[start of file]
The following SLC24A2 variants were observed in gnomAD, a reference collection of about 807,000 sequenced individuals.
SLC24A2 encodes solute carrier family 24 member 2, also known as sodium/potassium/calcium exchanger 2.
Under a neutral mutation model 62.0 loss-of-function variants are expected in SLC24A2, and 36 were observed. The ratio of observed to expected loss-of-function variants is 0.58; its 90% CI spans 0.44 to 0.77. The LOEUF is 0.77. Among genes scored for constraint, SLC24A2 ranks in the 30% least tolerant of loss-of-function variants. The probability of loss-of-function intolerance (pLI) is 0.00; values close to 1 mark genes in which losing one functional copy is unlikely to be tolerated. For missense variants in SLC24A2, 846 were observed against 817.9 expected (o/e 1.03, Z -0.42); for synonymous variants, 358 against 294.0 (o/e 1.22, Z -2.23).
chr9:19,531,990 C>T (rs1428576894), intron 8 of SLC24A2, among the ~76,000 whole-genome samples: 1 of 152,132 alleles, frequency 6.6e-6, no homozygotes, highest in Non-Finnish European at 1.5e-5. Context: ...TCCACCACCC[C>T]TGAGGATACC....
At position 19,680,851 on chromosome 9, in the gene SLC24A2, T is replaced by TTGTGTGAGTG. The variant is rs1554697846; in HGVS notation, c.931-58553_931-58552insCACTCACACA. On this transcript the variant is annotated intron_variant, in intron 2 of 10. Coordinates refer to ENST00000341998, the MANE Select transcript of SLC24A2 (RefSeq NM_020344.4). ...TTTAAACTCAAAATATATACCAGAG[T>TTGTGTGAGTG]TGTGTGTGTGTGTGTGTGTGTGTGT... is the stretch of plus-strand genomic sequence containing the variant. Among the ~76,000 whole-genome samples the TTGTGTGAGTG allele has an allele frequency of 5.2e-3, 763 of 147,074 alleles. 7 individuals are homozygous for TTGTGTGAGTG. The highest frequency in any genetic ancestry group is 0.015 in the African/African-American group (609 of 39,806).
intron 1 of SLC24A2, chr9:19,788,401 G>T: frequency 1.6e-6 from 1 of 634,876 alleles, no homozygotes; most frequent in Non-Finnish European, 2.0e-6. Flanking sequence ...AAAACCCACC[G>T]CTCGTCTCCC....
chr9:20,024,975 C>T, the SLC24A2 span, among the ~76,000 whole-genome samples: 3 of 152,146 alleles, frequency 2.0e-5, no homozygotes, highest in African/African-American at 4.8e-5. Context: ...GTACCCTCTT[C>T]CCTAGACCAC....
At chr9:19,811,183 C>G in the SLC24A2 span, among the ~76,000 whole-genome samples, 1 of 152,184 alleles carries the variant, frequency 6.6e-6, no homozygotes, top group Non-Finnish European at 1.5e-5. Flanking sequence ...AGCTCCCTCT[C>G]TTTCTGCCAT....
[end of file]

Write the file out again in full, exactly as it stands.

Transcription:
The following SLC24A2 variants were observed in gnomAD, a reference collection of about 807,000 sequenced individuals.
SLC24A2 encodes solute carrier family 24 member 2, also known as sodium/potassium/calcium exchanger 2.
Under a neutral mutation model 62.0 loss-of-function variants are expected in SLC24A2, and 36 were observed. The ratio of observed to expected loss-of-function variants is 0.58; its 90% CI spans 0.44 to 0.77. The LOEUF is 0.77. Among genes scored for constraint, SLC24A2 ranks in the 30% least tolerant of loss-of-function variants. The probability of loss-of-function intolerance (pLI) is 0.00; values close to 1 mark genes in which losing one functional copy is unlikely to be tolerated. For missense variants in SLC24A2, 846 were observed against 817.9 expected (o/e 1.03, Z -0.42); for synonymous variants, 358 against 294.0 (o/e 1.22, Z -2.23).
chr9:19,531,990 C>T (rs1428576894), intron 8 of SLC24A2, among the ~76,000 whole-genome samples: 1 of 152,132 alleles, frequency 6.6e-6, no homozygotes, highest in Non-Finnish European at 1.5e-5. Context: ...TCCACCACCC[C>T]TGAGGATACC....
At position 19,680,851 on chromosome 9, in the gene SLC24A2, T is replaced by TTGTGTGAGTG. The variant is rs1554697846; in HGVS notation, c.931-58553_931-58552insCACTCACACA. On this transcript the variant is annotated intron_variant, in intron 2 of 10. Coordinates refer to ENST00000341998, the MANE Select transcript of SLC24A2 (RefSeq NM_020344.4). ...TTTAAACTCAAAATATATACCAGAG[T>TTGTGTGAGTG]TGTGTGTGTGTGTGTGTGTGTGTGT... is the stretch of plus-strand genomic sequence containing the variant. Among the ~76,000 whole-genome samples the TTGTGTGAGTG allele has an allele frequency of 5.2e-3, 763 of 147,074 alleles. 7 individuals are homozygous for TTGTGTGAGTG. The highest frequency in any genetic ancestry group is 0.015 in the African/African-American group (609 of 39,806).
intron 1 of SLC24A2, chr9:19,788,401 G>T: frequency 1.6e-6 from 1 of 634,876 alleles, no homozygotes; most frequent in Non-Finnish European, 2.0e-6. Flanking sequence ...AAAACCCACC[G>T]CTCGTCTCCC....
chr9:20,024,975 C>T, the SLC24A2 span, among the ~76,000 whole-genome samples: 3 of 152,146 alleles, frequency 2.0e-5, no homozygotes, highest in African/African-American at 4.8e-5. Context: ...GTACCCTCTT[C>T]CCTAGACCAC....
At chr9:19,811,183 C>G in the SLC24A2 span, among the ~76,000 whole-genome samples, 1 of 152,184 alleles carries the variant, frequency 6.6e-6, no homozygotes, top group Non-Finnish European at 1.5e-5. Flanking sequence ...AGCTCCCTCT[C>G]TTTCTGCCAT....